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Industry must "stand together" on social games issues

Fri 04 Mar 2011 9:06am GMT / 4:06am EST / 1:06am PST

Brenda Brathwaite believes that 'great games' are possible on social network platforms

Industry veteran Brenda Brathwaite has issued a call to action during GDC's annual rant panel, with the co-founder of social game developer Loot Drop looking for unity among developers during the expansion of the social gaming market.

Brathwaite recounted previous scandals in videogames, from Satanic influences in Wizardry (to which she was a key contributor) to the Mass Effect "Sex-Box" scandal.

To each example she reminded listeners that, particularly at GDC itself, developers had remained united in combating the various controversies. "We stood together, you and me, because we loved games," was her constant mantra.

"And then we came to Facebook," she said. "I know that things are upsetting to you, and I can assure you that they are also upsetting to me. I have seen the strip miners make their entry into games.

"I have seen them exploit technology and new platforms. Not for the purpose of crafting beautiful creative works but for the purpose of taking the audience for all they can get. They are not one of us, nor are they from us. Rather they are from another space.

"These people do not care about gameplay, they do not care about games, they do not care about players. They do not care about fun.

"The game developers on this stage are not like those people. They do not come from their world. Like you we want good play, we want compelling experiences we want casual and we want hardcore.

"We are absolutely not the ones making what some of you call 'evil games'. We are the first wave - the marines storming the beach to take our culture and our medium back. As you look upon these games you will see on the very same horizon a great space of possibility. I hope that you will someday be the occupying force."

The speech follows Wednesday's keynote by Nintendo president Satoru Iwata, in which he expressed concerns about the rise in mobile and social network games and their potential effect on the high value segment of the industry.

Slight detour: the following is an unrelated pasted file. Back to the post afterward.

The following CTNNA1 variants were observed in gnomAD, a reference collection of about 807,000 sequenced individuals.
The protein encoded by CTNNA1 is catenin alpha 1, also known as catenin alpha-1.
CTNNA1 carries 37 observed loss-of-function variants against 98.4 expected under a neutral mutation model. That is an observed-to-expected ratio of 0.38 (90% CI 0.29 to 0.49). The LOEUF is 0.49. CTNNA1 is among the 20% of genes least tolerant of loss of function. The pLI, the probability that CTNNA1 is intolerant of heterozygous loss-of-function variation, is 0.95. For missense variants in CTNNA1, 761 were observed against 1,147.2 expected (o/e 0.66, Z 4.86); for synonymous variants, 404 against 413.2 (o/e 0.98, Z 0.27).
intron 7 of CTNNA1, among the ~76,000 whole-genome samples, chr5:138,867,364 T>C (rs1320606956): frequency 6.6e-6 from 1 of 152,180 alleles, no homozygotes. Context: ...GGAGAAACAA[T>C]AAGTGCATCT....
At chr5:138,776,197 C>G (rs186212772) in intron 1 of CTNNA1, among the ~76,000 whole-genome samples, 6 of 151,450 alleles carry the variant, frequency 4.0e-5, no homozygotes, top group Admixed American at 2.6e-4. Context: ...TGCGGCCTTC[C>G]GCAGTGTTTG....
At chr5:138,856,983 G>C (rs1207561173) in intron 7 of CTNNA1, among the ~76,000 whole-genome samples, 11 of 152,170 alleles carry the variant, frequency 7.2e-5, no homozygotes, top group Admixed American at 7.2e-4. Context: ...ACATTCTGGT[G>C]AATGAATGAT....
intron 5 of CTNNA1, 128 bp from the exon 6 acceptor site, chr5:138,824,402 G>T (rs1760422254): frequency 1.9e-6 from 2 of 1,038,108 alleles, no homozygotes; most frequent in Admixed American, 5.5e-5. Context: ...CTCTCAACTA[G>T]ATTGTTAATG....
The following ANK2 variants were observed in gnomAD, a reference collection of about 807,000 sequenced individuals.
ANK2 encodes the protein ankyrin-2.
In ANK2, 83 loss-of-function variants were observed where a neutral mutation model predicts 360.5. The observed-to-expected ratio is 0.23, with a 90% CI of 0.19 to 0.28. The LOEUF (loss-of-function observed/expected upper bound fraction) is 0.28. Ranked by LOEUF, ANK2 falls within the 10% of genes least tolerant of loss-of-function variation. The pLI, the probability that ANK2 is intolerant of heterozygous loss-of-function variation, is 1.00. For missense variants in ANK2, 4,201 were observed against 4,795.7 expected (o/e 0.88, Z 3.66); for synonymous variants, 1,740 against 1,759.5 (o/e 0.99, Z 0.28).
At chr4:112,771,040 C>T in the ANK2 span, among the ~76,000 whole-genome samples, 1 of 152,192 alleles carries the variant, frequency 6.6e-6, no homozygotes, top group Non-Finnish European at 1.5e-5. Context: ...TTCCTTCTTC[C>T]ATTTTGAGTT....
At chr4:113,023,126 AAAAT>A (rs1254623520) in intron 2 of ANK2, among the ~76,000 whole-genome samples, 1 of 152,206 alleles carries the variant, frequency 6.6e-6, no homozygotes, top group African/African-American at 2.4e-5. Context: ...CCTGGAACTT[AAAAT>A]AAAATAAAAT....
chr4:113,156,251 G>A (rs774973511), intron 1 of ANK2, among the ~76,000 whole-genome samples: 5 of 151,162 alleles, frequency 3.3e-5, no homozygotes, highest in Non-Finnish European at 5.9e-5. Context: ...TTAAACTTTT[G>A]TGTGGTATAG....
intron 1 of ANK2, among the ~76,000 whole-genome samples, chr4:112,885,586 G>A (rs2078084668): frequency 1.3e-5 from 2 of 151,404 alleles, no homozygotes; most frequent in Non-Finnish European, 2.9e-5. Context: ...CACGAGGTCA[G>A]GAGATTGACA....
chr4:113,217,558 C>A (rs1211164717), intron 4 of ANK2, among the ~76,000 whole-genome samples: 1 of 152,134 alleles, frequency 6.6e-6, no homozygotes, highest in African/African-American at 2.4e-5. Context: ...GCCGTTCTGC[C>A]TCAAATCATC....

A full transcript of Braithwaite's session is provided by GamesIndustry.biz, with other key contributions due to be published shortly.

8 Comments

Ben Furneaux Designer, Turbulenz Limited

116 55 0.5
Agreed.

One of our core principles within Turbulenz is "We believe in quality".

Posted:3 years ago

#1

Kris Wilkins Senior Tester, Lionhead Studios

1 0 0.0
Then why are big developers/publishers trying to cut into the social market if all they want to do is create beautiful games? The gamers who have been purchasing PC and Console titles for the past 10/15 years deserve more respect than developers seeing these con artists making a bucket load on face book and then switching to that medium. Everyone seems to be talking about accessibility, and the casual market... quite frankly.. screw casual gamers, the social market and accessibility. If your developer goes down this route you are selling out the very people who have supported you all of these years.

Keep bringing the new mechanics, keep upping the difficulty, keep pushing the envelope with the artistic side of things.. and for gods sake don't employ the *Free to play, pay to excel* business model.

The markets are two completely different sets of consumers. Stop worrying about the impact of social games on facebook, where part time mums, and school kids, bored workers and generally, people who don't play console games congregate to break up their day!

It will have no impact on the AAA console/PC market if you continue to look after the people, which, when they pick up a control pad, don't freak out because it has more than 4 buttons! Do you really think the gamer who destroys on CoD/Mass Effect/Battlefield or whatever your title may be, is even going to consider purchasing in game tokens for real money to upgrade a building on a flash browser game? NO.. whatever your view of social gamoing is, ignore it and concentrate on the industry that matters, the one that has time and time again built beautiful, gripping and exciting titles that people will remember for years.

Posted:3 years ago

#2

Burton Posey Game Developer

5 0 0.0
Brenda, it's like you've read the words etched on my soul! Making Facebook games that treat players like real people is one of the cornerstone's of my approach to games right now. Thank you for saying this publicly. I too, have felt like some sort of soldier with this cause. Despite countless recruiter calls to make a "strip mining operation" I cannot morally bring myself to be part of this because it treats so-called "players" as more of something that is sub-human in nature, akin to the energy harvesting fields in the Matrix (might have made that analogy here on this site before, apologies if I'm repeating myself).